Lismore Turf Club secretary-manager Michael Timbrell opposes a proposal to ban alcohol company sponsorship of sporting events like horse racing.
Lismore Turf Club secretary-manager Michael Timbrell opposes a proposal to ban alcohol company sponsorship of sporting events like horse racing. CATHY ADAMS

Sport clubs face sponsor drought

SEEING a XXXX Gold beer advertisement while watching the footy, or catching a glimpse of the VB sign on the shirts of our cricketers, may become a thing of the past if a proposed alcohol sponsorship ban goes ahead.

The National Preventative Health Task Force is calling for an end to all alcohol advertising associated with sporting teams and arenas and during live TV broadcasts.

The proposed ban drew harsh criticism from Lismore Turf Club secretary-manager Michael Timbrell, who oversees the biggest day on Lismore’s horse-racing calendar – the XXXX Gold Lismore Cup.

“As far as I’m concerned, the sponsoring of Lismore Cup races by an alcohol company brings no harm to the community,” Mr Timbrell said.

“If these sponsorships are taken away we’re still going to sell alcohol, it’s just one less revenue stream for the sporting clubs.”

Mr Timbrell said that some years ago, the Lismore Cup had problems with alcohol and decided to do something about it, proposing an idea to its sponsor, Tooheys, which came on board to support the campaign by marketing mid-strength beer at the event.

“The number one-selling beer now is a mid-strength beer, and it wouldn’t have happened without the sponsorship of Tooheys,” he said.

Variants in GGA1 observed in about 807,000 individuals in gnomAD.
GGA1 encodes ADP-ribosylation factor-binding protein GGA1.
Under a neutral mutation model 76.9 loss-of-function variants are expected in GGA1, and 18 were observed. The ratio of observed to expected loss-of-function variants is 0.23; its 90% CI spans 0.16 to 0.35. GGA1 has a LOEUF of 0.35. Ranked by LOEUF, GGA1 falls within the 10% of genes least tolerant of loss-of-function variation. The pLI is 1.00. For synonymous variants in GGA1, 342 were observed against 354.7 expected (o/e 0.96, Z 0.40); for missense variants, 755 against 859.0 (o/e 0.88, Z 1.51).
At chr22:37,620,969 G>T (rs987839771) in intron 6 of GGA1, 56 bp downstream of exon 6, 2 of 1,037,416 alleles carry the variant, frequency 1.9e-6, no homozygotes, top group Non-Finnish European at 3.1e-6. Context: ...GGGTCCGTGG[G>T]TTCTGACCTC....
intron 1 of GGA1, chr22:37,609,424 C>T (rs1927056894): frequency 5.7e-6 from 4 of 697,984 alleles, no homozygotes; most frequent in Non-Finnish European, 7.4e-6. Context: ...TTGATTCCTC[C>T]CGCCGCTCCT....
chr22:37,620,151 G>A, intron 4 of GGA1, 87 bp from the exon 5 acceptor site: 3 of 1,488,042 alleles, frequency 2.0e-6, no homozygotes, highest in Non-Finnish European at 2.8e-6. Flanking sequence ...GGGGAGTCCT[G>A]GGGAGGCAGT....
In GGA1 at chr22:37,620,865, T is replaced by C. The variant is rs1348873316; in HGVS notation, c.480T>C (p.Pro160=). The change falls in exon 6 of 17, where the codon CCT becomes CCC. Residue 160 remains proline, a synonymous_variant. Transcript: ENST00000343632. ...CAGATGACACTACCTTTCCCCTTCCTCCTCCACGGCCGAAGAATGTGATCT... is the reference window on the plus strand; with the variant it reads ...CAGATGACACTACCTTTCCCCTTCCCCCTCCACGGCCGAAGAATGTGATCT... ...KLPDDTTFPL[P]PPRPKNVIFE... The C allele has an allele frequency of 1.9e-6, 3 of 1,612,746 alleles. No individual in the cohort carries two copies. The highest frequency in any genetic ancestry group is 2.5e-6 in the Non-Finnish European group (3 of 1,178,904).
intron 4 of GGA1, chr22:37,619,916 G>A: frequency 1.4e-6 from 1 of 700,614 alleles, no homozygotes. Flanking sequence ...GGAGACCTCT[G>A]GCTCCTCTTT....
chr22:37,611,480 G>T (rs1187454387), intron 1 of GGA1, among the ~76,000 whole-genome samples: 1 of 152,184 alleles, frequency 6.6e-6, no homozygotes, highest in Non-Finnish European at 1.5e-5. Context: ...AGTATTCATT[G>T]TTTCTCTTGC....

“The ban is a short-sighted plan and it’s only a small, vocal percentage of the community that have problems with such sponsorships.”

Although Mr Timbrell disagrees with the ban, he said each sport had a different age appeal so he could understand where the push to ban alcohol sponsorship was coming from.

“Horse racing in particular appeals to people aged 18 and over, and the marketing targets those legally able to drink, where in car racing it’s different, it also appeals to kids,” he said.

Reports suggest an estimated $300 million could be lost by sporting programs if the ban, designed to improve public health, is implemented.

A spokeswoman for Federal Health Minister Nicola Roxon declined to comment on the task force’s report, other than to say the Minister was ‘considering all the recommendations’ before it was released publicly.

Federal Opposition Leader Malcolm Turnbull doesn’t support a ban on alcohol advertising.

Mr Turnbull said alcohol was different to cigarettes, which had no safe level of consumption.
“Responsible use of alcohol is something that everybody encourages – any level of tobacco consumption is undesirable and dangerous,” he said.

However, Family First Senator Steve Fielding is backing the proposed ban, saying mixing alcohol and sport made a dangerous cocktail.

The senator, who helped scuttle a permanent tax hike on alcopops in March, said endorsements in sport were to blame for Australia’s binge drinking problem.

Mr Timbrell said the turf club did all it could to promote responsible alcohol consumption, but ultimately individuals were responsible for their own actions.

“The laws on service of alcohol are pretty tough, so I don’t know what this campaign will do, except put more financial pressure on clubs,” he said.

“There comes a point where people have to take responsibility for their actions; it’s their choice to drink.”


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